America at the Crossroads of White Nationalism and Christian Nationalism

“The most disrespected person in America is the Black woman. The most unprotected person in America is the Black woman. The most neglected person in America is the Black woman.”—Malcolm X[1]

I am a veteran who honorably served our Country in the U.S. Navy.  I have never felt unsafe in our country until the latest rise of the Alt-Right, which tends to associate themselves with Christianity. When I saw the march in August 2017 take place near the University of Virginia, with white men carrying Tiki Torches, chanting “You will not replace us” I was amazed. We are a nation of immigrants some forced, others came looking for better opportunities—the point is the protestors were not indigenous to this nation. In the Sociology of Religion Summer 2018 Journal an article entitled “Make American Christian Again: Christian Nationalism and Voting for Donald Trump in the 2016 Presidential Election,” Whitehead et. al. reviewed data from the Social General Survey. They claim that “voting for Trump was, at least for many Americans a symbolic defense of the United States’ perceived Christian heritage.[2] 

Rev. Martin Luther King Jr. said in the 1960s that the most segregated time in America is at 11am to noon each Sunday. If we were to visit a variety of churches with different denominations, I am sure we will find the same idea holds true, there are churches that are predominantly, black and others that are predominantly white. Historically we know that slaves were not allowed to learn how to read. Some “owners” who called themselves Christians did allow slaves to learn to read and the Bible was the book of choice. We have seen Christianity be used to justify inhuman treatment of our indigenous brothers and sisters as well as our ancestors.  The idea that people of color are descendants of Ham, Noah’s son, whom he cursed with servitude, helped many whites justify slavery, particularly among Southern Christians. [3]  God made all human beings, but White Nationalism is now associated with Christian identity as per the Southern Poverty Law Center.[4]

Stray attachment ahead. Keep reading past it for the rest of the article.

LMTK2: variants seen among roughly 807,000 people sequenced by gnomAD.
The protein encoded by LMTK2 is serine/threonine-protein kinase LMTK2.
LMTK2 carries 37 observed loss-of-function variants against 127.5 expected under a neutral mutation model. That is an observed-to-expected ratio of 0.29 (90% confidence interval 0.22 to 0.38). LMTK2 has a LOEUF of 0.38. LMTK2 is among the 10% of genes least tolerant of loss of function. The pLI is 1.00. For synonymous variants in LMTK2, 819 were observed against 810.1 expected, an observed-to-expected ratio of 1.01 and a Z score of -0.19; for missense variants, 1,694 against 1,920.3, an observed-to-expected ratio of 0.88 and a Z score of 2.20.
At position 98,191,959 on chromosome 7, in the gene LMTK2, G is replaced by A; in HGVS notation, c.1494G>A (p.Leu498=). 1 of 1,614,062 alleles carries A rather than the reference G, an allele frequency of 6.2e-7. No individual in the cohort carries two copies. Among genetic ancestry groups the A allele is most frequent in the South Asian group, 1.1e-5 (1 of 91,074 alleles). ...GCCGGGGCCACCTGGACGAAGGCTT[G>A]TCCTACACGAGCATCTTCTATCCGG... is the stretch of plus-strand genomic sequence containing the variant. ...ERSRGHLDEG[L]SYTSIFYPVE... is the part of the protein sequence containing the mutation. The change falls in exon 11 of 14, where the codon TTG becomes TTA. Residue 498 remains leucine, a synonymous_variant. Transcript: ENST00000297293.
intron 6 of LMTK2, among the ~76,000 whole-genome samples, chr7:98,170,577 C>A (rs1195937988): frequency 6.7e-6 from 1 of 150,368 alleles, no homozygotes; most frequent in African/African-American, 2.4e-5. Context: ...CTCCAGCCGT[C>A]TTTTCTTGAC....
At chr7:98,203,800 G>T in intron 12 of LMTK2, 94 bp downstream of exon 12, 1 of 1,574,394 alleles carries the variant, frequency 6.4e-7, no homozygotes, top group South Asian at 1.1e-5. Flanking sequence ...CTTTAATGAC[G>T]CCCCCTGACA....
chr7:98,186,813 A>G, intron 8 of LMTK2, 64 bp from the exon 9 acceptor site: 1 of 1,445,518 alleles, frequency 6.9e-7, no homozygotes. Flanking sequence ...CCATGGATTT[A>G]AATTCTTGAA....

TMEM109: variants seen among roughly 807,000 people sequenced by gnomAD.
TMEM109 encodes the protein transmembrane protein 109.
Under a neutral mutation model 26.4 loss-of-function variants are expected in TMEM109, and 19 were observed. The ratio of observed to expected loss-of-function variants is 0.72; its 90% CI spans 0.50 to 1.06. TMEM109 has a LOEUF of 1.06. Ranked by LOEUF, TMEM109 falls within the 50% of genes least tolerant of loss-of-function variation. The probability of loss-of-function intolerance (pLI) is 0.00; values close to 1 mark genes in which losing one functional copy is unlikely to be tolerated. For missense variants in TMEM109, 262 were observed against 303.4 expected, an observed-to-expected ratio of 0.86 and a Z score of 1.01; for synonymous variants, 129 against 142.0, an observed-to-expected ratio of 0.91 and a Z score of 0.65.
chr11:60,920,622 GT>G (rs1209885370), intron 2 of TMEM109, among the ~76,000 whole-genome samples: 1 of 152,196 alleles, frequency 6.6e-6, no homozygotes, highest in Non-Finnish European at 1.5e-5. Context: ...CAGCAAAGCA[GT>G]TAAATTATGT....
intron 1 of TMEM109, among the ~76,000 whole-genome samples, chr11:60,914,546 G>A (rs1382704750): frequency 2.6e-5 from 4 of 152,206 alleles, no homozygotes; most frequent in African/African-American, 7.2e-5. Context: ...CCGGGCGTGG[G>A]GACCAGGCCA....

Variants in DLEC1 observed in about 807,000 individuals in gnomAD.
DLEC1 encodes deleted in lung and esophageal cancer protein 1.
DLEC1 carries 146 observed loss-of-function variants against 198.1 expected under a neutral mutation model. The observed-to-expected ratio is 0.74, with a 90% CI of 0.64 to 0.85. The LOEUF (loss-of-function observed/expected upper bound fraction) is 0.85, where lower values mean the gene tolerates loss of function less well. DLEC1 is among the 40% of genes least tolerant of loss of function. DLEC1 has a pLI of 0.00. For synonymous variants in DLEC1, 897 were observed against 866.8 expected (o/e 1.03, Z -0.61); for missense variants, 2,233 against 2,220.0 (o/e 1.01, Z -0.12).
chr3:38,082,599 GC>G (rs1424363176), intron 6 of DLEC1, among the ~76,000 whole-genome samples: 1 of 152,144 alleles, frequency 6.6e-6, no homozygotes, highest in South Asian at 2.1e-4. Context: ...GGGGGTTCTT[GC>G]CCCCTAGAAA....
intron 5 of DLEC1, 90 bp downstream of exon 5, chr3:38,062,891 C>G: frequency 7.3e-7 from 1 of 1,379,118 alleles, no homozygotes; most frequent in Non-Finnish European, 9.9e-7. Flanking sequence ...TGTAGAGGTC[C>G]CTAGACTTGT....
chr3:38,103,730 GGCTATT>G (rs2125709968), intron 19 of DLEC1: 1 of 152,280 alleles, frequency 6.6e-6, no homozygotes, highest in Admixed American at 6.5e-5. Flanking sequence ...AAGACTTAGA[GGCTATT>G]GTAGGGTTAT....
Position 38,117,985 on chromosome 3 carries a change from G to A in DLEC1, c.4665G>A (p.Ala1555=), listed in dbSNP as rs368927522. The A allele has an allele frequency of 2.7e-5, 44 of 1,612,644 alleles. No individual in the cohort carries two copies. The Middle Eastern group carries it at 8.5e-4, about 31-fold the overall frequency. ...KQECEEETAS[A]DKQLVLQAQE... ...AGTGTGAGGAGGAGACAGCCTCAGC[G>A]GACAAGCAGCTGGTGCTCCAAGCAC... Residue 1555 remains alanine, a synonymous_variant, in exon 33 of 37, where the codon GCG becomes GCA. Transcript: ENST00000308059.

As a woman of color, I am more afraid of a white heterosexual Christian male killing me based on my sex and color than I am of anyone else.  As a Christian, I know that God so loved the world that he sent his only begotten son to die for our sins, yet we have people who think that doesn’t include those of color.  White Nationalism is associated by many to include the author with people who are xenophobic, racist, and misogynistic.  To believe in God is to accept all his children and to know that Jesus died for ALL of us, not just a specific portion of the population.  As Malcolm X stated the most endangered women in America is the Black woman and as one, I feel extremely vulnerable in a Country I wrote a blank check to by serving in our U.S. Armed Forces.

Tammy L. Hodo, PhD

[1] May 22, 1962 Malcolm X speech in Los Angeles, CA

[2] Andrew L Whitehead, Samuel L Perry, Joseph O Baker, Make America Christian Again: Christian Nationalism and Voting for Donald Trump in the 2016 Presidential Election, Sociology of Religion, Volume 79, Issue 2, Summer 2018, Pages 147–171,

[3] Lee, F (11/1/2003).  From Noah’s Curse to Slavery’s Rationale

[4] White Nationalist

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